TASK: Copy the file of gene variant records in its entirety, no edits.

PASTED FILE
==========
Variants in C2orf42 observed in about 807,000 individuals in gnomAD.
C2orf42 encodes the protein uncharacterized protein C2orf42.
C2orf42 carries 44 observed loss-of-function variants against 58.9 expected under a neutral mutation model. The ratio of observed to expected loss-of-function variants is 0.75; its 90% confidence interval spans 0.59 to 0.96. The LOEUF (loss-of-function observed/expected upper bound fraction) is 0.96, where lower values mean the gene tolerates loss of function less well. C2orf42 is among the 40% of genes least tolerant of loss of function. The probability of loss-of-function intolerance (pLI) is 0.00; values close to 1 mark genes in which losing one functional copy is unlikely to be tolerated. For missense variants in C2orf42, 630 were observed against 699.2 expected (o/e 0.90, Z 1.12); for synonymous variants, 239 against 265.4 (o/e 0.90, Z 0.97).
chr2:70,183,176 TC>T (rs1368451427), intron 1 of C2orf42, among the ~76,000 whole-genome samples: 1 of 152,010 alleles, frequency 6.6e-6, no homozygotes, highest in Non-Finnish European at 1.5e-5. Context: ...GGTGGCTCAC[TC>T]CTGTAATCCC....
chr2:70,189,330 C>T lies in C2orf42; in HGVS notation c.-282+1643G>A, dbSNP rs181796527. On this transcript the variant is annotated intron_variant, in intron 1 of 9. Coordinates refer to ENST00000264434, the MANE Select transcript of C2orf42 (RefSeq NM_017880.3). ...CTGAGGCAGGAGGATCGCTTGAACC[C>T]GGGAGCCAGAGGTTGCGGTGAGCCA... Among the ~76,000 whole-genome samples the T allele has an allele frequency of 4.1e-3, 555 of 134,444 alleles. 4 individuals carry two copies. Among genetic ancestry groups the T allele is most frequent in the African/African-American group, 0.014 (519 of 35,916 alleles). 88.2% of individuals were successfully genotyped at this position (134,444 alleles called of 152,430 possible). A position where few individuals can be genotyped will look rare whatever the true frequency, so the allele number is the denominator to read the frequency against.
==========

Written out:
Variants in C2orf42 observed in about 807,000 individuals in gnomAD.
C2orf42 encodes the protein uncharacterized protein C2orf42.
C2orf42 carries 44 observed loss-of-function variants against 58.9 expected under a neutral mutation model. The ratio of observed to expected loss-of-function variants is 0.75; its 90% confidence interval spans 0.59 to 0.96. The LOEUF (loss-of-function observed/expected upper bound fraction) is 0.96, where lower values mean the gene tolerates loss of function less well. C2orf42 is among the 40% of genes least tolerant of loss of function. The probability of loss-of-function intolerance (pLI) is 0.00; values close to 1 mark genes in which losing one functional copy is unlikely to be tolerated. For missense variants in C2orf42, 630 were observed against 699.2 expected (o/e 0.90, Z 1.12); for synonymous variants, 239 against 265.4 (o/e 0.90, Z 0.97).
chr2:70,183,176 TC>T (rs1368451427), intron 1 of C2orf42, among the ~76,000 whole-genome samples: 1 of 152,010 alleles, frequency 6.6e-6, no homozygotes, highest in Non-Finnish European at 1.5e-5. Context: ...GGTGGCTCAC[TC>T]CTGTAATCCC....
chr2:70,189,330 C>T lies in C2orf42; in HGVS notation c.-282+1643G>A, dbSNP rs181796527. On this transcript the variant is annotated intron_variant, in intron 1 of 9. Coordinates refer to ENST00000264434, the MANE Select transcript of C2orf42 (RefSeq NM_017880.3). ...CTGAGGCAGGAGGATCGCTTGAACC[C>T]GGGAGCCAGAGGTTGCGGTGAGCCA... Among the ~76,000 whole-genome samples the T allele has an allele frequency of 4.1e-3, 555 of 134,444 alleles. 4 individuals carry two copies. Among genetic ancestry groups the T allele is most frequent in the African/African-American group, 0.014 (519 of 35,916 alleles). 88.2% of individuals were successfully genotyped at this position (134,444 alleles called of 152,430 possible). A position where few individuals can be genotyped will look rare whatever the true frequency, so the allele number is the denominator to read the frequency against.